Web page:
Professor Charles Tiefer testified July 11 before a Senate Judiciary subcommittee about how the panel could coordinate its inquiries into Russian hacking during the 2016 presidential campaign with the simultaneous investigation being conducted by special counsel Robert Mueller.
It was the third time this summer that Tiefer testified on Capitol Hill about the importance of congressional investigations and the history of simultaneous inquiries by Congress and independent prosecutors.
Tiefer served as special deputy chief counsel of the House Iran-Contra committee in the 1980s.
Read Tiefer’s Forbes article about the hearing, “The Senate Judiciary Committee Plans How to Coordinate Investigations with Mueller” (July 12, 2017).
Tiefer, a regular contributor to Forbes, published another article a few days later, upon the announcement that Ty Cobb had been hired as a special counsel to direct the Trump administration’s response to the Russia investigations.
Read “Ten Worrying Questions About Trump’s New Special Counsel, Ty Cobb” (July 15, 2017).
Tiefer’s first question: Who’s paying Cobb’s legal fees?
In the event that Trump pays them, Tiefer had another question: “[I]f [Cobb] is Trump’s private lawyer, then why will he have the access and authority of a public, official, executive actor?”
Asked Tiefer: “Is Cobb now the official guardian of the all-important executive privilege and able to use it manipulatively to delay and obstruct the Russia investigations?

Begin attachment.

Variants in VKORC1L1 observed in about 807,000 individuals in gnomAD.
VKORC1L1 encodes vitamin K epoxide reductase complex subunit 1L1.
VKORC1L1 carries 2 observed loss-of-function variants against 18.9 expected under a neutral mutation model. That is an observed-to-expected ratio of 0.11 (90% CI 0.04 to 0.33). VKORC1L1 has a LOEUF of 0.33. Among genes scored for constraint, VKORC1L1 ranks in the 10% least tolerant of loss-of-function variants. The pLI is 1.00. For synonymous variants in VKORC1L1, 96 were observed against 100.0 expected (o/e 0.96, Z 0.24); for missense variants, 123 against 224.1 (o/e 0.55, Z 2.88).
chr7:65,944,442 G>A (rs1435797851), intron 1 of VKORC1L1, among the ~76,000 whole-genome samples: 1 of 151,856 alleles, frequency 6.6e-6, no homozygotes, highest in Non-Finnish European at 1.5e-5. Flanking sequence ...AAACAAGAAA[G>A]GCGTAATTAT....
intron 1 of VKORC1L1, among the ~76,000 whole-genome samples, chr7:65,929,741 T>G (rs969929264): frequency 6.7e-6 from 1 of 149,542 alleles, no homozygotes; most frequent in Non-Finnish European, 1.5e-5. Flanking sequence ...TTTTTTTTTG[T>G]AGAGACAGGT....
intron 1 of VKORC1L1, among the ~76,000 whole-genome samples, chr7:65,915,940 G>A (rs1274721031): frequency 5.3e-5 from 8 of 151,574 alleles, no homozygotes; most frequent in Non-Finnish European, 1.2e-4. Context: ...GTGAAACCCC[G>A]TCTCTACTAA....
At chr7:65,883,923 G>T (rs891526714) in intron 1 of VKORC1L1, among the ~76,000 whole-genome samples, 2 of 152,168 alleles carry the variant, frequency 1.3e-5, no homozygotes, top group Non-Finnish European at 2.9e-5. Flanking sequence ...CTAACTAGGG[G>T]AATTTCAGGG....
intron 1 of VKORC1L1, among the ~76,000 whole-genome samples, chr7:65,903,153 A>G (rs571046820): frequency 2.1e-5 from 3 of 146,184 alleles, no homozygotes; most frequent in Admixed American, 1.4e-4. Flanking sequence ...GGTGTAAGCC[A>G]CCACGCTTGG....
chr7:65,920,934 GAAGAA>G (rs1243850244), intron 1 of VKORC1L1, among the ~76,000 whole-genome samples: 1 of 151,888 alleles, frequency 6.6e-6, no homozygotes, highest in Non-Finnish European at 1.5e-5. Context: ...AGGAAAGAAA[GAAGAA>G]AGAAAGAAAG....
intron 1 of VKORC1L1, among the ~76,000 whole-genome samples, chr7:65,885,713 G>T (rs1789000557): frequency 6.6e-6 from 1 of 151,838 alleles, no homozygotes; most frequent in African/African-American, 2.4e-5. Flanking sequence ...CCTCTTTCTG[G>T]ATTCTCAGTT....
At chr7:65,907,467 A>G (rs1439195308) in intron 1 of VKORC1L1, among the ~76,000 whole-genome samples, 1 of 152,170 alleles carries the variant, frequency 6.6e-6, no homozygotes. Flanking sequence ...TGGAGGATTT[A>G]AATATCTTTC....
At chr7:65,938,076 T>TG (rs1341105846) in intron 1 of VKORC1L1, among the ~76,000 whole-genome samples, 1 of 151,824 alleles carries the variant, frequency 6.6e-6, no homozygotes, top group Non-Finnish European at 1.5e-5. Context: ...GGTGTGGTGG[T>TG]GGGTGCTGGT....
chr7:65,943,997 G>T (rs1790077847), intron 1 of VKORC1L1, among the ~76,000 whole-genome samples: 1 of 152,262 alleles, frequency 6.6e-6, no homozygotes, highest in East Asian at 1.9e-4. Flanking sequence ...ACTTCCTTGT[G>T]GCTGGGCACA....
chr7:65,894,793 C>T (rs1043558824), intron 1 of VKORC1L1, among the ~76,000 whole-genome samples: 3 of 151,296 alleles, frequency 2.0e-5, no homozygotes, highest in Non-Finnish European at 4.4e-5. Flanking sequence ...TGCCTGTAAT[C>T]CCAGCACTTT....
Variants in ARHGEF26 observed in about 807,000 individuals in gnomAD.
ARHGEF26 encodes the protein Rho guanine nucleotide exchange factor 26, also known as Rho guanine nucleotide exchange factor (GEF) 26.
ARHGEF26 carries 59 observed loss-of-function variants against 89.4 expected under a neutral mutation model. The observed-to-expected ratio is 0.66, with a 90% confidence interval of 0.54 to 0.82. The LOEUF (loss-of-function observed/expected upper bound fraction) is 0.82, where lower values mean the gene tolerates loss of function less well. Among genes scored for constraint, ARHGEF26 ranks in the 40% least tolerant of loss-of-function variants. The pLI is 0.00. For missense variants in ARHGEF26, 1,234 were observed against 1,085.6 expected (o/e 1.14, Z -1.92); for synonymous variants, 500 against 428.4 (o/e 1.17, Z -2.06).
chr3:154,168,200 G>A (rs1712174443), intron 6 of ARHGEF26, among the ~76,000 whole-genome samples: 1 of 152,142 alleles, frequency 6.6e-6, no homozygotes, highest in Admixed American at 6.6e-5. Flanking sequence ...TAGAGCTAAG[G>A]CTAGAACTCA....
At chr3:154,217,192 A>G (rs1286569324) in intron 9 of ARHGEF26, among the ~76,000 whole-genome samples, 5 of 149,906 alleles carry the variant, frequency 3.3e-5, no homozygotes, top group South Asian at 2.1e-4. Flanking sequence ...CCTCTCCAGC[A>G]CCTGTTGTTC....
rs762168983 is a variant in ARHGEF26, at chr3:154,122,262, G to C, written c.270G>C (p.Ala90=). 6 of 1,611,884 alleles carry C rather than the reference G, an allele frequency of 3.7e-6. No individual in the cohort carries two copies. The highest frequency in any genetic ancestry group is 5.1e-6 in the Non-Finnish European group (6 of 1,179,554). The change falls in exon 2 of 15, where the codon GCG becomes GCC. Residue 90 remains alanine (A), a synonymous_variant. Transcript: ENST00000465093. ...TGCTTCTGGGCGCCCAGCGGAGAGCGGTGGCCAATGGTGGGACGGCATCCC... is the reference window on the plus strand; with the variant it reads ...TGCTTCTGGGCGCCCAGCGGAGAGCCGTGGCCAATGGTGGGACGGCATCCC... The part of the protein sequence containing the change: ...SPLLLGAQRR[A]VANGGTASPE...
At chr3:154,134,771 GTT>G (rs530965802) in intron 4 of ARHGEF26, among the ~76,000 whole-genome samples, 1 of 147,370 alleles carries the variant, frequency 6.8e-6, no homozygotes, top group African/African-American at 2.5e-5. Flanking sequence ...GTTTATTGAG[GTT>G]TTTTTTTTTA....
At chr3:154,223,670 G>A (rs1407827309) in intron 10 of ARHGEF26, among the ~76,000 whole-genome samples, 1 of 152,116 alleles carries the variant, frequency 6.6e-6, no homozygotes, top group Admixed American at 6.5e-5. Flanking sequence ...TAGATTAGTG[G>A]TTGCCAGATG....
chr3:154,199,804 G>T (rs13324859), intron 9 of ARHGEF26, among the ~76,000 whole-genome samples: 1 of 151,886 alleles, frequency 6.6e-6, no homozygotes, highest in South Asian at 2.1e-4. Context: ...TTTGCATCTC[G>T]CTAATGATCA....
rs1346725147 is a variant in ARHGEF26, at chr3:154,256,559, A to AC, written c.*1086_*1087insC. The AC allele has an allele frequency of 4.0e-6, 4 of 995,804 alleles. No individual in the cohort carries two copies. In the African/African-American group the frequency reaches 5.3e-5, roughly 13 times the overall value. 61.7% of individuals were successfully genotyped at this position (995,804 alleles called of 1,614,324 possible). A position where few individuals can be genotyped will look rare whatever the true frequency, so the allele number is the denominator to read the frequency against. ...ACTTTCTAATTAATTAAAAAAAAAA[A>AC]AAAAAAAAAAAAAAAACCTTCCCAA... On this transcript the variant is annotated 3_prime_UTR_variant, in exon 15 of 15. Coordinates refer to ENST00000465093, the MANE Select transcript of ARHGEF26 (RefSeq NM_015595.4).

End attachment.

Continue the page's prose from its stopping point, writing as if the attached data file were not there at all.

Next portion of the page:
“Is he allowed to play offense as well as defense? For example, if he wants a document, can he call up House Intelligence Chair [Devin] Nunes and have it subpoenaed?”
On another topic: Last week Tiefer was quoted in a Washington Post story detailing accusations by a watchdog group that Environmental Protection Agency head Scott Pruitt had misused federal funds to lobby against the Paris climate agreement. Federal employees are prohibited from lobbying members of the public to support or oppose legislation before Congress.
“Tiefer said Pruitt, as EPA administrator, is continuing to act like a national campaigner against Obama-era regulations,” much as Pruitt did as Oklahoma attorney general, despite the constraints placed on him now as a federal employee, the Post reported.
Saying he’d seen news reports of Pruitt railing against the Paris climate accord, Tiefer said: “I wasn’t sure if he was speaking for himself or the EPA. I was baffled and I’m a law professor.”
Read The Washington Post story.
Learn more about Professor Tiefer.